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Successes

Members of the Constantine Cannon Whistleblower Lawyer Team have been responsible for a string of major whistleblower successes over more than a decade, including the following:

DaVita — Medicare Fraud/Kickbacks ($400 million).

Two of our whistleblower attorneys led the representation of David Barbetta, a former financial analyst for DaVita HealthCare Partners, one of the largest providers of dialysis services in the United States. Mr. Barbetta brought a qui tam action under the False Claims Act against DaVita alleging the company violated the Anti-Kickback Statute by paying physicians to refer their patients to DaVita clinics for dialysis. According to the complaint, DaVita sold doctors shares of DaVita clinics at below fair market value, and purchased doctors’ interests in other clinics at above fair market value. The government joined the case, and alleged that DaVita had entered into these sweetheart deals with doctors, which gave the doctors returns of over 100%, and the doctors then steered their patients to DaVita clinics. In 2014, DaVita paid $400 million to settle the case, the largest stand-alone kickback settlement ever, and Mr. Barbetta received a whistleblower award of over $65 million. See Denver Post and Modern Healthcare for more.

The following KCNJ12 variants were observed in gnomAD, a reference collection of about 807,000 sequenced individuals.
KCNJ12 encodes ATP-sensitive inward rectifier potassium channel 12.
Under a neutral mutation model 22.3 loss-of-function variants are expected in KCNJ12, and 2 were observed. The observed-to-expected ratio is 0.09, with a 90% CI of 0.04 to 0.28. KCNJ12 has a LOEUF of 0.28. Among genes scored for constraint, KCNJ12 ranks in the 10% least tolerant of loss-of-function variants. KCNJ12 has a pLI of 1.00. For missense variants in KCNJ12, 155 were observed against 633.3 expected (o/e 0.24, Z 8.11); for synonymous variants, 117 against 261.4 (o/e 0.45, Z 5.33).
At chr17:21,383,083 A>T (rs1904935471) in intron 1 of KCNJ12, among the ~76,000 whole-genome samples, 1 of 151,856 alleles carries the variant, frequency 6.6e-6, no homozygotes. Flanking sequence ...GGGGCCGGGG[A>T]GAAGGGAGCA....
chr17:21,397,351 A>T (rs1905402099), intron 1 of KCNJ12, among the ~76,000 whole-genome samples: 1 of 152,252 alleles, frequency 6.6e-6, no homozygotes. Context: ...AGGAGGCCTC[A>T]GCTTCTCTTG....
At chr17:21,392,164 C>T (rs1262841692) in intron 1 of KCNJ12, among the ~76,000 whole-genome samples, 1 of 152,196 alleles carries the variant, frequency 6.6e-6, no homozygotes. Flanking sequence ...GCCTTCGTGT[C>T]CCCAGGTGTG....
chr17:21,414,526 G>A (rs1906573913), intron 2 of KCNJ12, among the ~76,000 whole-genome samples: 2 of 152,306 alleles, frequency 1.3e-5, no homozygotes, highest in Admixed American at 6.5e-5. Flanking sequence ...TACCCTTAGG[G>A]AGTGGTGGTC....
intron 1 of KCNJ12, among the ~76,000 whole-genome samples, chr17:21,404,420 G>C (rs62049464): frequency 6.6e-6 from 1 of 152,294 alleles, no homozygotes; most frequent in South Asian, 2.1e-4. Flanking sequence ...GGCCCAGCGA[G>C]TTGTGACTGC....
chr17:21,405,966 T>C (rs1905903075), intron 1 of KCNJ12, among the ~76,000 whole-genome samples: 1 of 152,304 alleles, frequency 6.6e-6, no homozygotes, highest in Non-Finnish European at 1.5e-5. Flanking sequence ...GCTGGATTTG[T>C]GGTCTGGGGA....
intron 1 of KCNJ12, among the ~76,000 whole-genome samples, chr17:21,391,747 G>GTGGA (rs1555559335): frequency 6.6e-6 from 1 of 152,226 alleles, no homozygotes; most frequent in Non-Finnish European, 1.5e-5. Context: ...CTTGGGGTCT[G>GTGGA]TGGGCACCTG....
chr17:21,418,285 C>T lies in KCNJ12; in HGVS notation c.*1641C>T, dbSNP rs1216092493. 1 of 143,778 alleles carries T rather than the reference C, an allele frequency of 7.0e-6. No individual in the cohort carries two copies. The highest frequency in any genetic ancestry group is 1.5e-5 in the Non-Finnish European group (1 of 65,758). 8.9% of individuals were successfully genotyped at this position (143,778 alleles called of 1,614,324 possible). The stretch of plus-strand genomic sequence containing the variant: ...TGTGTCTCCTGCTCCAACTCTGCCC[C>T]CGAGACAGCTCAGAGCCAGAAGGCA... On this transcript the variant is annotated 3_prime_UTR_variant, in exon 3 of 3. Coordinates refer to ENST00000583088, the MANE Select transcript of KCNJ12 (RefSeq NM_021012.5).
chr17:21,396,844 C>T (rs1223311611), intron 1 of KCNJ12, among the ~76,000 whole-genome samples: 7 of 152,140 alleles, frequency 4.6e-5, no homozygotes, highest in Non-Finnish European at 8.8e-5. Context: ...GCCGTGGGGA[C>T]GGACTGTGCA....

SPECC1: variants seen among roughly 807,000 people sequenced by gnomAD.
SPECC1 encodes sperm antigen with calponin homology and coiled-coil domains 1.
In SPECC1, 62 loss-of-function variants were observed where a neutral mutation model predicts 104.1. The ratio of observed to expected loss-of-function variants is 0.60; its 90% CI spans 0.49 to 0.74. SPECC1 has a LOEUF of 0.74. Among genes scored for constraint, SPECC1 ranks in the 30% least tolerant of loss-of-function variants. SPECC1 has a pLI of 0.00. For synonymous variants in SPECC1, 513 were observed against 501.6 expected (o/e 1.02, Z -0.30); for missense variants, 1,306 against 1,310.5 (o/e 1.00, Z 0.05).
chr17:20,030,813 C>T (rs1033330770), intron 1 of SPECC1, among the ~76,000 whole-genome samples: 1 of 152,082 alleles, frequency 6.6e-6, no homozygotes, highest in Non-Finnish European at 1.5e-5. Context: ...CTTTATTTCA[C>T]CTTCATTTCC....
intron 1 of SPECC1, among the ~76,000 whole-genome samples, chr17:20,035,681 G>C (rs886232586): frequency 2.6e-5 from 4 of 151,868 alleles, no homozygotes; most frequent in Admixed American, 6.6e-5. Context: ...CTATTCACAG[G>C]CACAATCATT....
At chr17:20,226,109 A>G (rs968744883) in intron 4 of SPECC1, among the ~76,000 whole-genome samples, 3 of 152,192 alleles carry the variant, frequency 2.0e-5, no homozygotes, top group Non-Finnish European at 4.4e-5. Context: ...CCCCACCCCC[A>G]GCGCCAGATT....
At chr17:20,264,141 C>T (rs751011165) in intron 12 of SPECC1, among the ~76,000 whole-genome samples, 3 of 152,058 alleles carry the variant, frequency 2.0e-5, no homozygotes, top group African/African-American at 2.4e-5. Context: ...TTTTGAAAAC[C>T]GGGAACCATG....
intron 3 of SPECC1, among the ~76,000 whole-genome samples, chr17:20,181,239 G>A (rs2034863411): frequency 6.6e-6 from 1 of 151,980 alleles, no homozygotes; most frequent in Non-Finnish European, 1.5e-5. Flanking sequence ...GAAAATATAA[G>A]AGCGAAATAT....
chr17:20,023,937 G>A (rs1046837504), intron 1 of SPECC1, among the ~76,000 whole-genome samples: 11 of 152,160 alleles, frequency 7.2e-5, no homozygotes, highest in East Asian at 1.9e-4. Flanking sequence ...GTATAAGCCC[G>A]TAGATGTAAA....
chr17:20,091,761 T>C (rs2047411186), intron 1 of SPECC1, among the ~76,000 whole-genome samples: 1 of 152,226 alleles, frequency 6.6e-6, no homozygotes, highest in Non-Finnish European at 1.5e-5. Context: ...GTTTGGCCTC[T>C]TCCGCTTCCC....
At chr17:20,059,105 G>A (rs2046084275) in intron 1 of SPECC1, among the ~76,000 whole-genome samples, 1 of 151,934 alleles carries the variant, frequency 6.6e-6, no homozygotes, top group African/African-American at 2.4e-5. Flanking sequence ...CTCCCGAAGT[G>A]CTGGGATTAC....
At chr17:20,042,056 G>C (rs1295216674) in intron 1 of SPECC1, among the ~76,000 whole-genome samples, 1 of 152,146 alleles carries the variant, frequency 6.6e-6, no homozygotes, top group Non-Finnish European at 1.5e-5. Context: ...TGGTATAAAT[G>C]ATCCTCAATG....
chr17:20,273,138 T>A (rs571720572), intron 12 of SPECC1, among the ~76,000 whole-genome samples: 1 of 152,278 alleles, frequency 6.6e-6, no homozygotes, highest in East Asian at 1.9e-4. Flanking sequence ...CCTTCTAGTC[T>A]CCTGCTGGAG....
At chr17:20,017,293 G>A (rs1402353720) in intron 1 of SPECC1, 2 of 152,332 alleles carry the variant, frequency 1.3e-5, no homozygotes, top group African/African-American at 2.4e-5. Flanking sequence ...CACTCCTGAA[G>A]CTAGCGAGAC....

Northrop Grumman/TRW — Government Contracting Fraud/Defective Products ($325 million).

One of our whistleblower attorneys led the representation of Robert Ferro, who was a scientist for a TRW Inc. subcontractor, in a qui tam action under the False Claims Act against Northrop Grumman (which has since acquired TRW). Mr. Ferro alleged TRW sold classified “spy” satellites to the government with defective components that caused the satellites to fail while on orbit. According to the complaint, when Mr. Ferro brought the defect to the attention of TRW engineers, he was threatened and directed not to reveal the information to anyone in the government. Northrop ultimately settled the case for $325 million, the largest ever whistleblower settlement by a defense contractor. Mr. Ferro received a whistleblower award of $48.7 million. See NY Times, Wall Street Journal, Washington Post and LA Times for more.

LA Dep’t. of Water & Power — Government Contract Fraud/Utility Overcharges ($224 million).

Four of our whistleblower attorneys led the representation of whistleblower Sam Barakat, as well as the County of Los Angeles, the Los Angeles Unified School District, and other government agencies in a whistleblower action against the Los Angeles Department of Water and Power. The plaintiffs alleged that the DWP had overcharged these schools and other public agencies for electric power over a ten-year period of time. The case involved a ground-breaking legal theory that had never been tested in court. It also involved dissecting elaborate cost accounting to demonstrate government customers had been overcharged relative to the true cost of service. Following a two-month trial, a verdict was returned against the DWP for $224 million. See LA Times, UT San Diego, and National Law Journal for more.

Northrop Grumman/TRW — Government Contracting/Overcharging ($111 million).